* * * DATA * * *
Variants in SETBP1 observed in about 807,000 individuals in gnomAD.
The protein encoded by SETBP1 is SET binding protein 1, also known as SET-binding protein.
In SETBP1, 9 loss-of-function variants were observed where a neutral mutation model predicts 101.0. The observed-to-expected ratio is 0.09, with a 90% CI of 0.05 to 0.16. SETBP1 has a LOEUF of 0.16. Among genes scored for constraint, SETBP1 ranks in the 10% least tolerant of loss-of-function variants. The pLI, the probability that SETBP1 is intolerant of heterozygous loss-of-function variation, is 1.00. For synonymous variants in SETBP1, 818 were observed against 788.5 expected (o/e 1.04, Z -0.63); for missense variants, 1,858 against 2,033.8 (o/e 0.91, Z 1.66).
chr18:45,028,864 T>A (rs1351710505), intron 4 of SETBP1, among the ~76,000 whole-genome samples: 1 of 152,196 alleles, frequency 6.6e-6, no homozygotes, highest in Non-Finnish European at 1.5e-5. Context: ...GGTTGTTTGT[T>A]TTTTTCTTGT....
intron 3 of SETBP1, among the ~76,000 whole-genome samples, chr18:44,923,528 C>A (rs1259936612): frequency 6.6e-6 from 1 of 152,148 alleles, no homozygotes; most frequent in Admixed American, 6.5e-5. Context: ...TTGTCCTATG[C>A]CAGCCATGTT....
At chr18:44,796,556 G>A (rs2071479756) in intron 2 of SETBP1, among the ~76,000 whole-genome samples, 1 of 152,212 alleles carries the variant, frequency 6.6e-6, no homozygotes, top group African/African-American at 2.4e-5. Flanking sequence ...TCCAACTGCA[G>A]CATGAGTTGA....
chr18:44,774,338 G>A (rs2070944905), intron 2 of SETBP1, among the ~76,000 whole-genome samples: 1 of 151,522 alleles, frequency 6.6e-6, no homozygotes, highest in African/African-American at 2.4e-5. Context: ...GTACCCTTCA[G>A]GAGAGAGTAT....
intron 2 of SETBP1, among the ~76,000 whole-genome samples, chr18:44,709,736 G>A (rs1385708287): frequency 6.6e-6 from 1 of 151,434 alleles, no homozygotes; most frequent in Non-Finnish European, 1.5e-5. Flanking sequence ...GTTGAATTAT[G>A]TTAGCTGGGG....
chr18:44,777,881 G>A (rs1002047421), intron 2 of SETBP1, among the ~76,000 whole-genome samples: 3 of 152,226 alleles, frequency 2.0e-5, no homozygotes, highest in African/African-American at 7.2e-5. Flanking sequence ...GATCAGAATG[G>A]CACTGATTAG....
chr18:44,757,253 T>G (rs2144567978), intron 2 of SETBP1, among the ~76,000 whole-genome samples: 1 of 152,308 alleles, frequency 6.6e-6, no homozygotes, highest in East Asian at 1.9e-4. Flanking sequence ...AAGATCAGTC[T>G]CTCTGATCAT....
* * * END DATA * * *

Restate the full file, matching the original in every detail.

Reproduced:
Variants in SETBP1 observed in about 807,000 individuals in gnomAD.
The protein encoded by SETBP1 is SET binding protein 1, also known as SET-binding protein.
In SETBP1, 9 loss-of-function variants were observed where a neutral mutation model predicts 101.0. The observed-to-expected ratio is 0.09, with a 90% CI of 0.05 to 0.16. SETBP1 has a LOEUF of 0.16. Among genes scored for constraint, SETBP1 ranks in the 10% least tolerant of loss-of-function variants. The pLI, the probability that SETBP1 is intolerant of heterozygous loss-of-function variation, is 1.00. For synonymous variants in SETBP1, 818 were observed against 788.5 expected (o/e 1.04, Z -0.63); for missense variants, 1,858 against 2,033.8 (o/e 0.91, Z 1.66).
chr18:45,028,864 T>A (rs1351710505), intron 4 of SETBP1, among the ~76,000 whole-genome samples: 1 of 152,196 alleles, frequency 6.6e-6, no homozygotes, highest in Non-Finnish European at 1.5e-5. Context: ...GGTTGTTTGT[T>A]TTTTTCTTGT....
intron 3 of SETBP1, among the ~76,000 whole-genome samples, chr18:44,923,528 C>A (rs1259936612): frequency 6.6e-6 from 1 of 152,148 alleles, no homozygotes; most frequent in Admixed American, 6.5e-5. Context: ...TTGTCCTATG[C>A]CAGCCATGTT....
At chr18:44,796,556 G>A (rs2071479756) in intron 2 of SETBP1, among the ~76,000 whole-genome samples, 1 of 152,212 alleles carries the variant, frequency 6.6e-6, no homozygotes, top group African/African-American at 2.4e-5. Flanking sequence ...TCCAACTGCA[G>A]CATGAGTTGA....
chr18:44,774,338 G>A (rs2070944905), intron 2 of SETBP1, among the ~76,000 whole-genome samples: 1 of 151,522 alleles, frequency 6.6e-6, no homozygotes, highest in African/African-American at 2.4e-5. Context: ...GTACCCTTCA[G>A]GAGAGAGTAT....
intron 2 of SETBP1, among the ~76,000 whole-genome samples, chr18:44,709,736 G>A (rs1385708287): frequency 6.6e-6 from 1 of 151,434 alleles, no homozygotes; most frequent in Non-Finnish European, 1.5e-5. Flanking sequence ...GTTGAATTAT[G>A]TTAGCTGGGG....
chr18:44,777,881 G>A (rs1002047421), intron 2 of SETBP1, among the ~76,000 whole-genome samples: 3 of 152,226 alleles, frequency 2.0e-5, no homozygotes, highest in African/African-American at 7.2e-5. Flanking sequence ...GATCAGAATG[G>A]CACTGATTAG....
chr18:44,757,253 T>G (rs2144567978), intron 2 of SETBP1, among the ~76,000 whole-genome samples: 1 of 152,308 alleles, frequency 6.6e-6, no homozygotes, highest in East Asian at 1.9e-4. Flanking sequence ...AAGATCAGTC[T>G]CTCTGATCAT....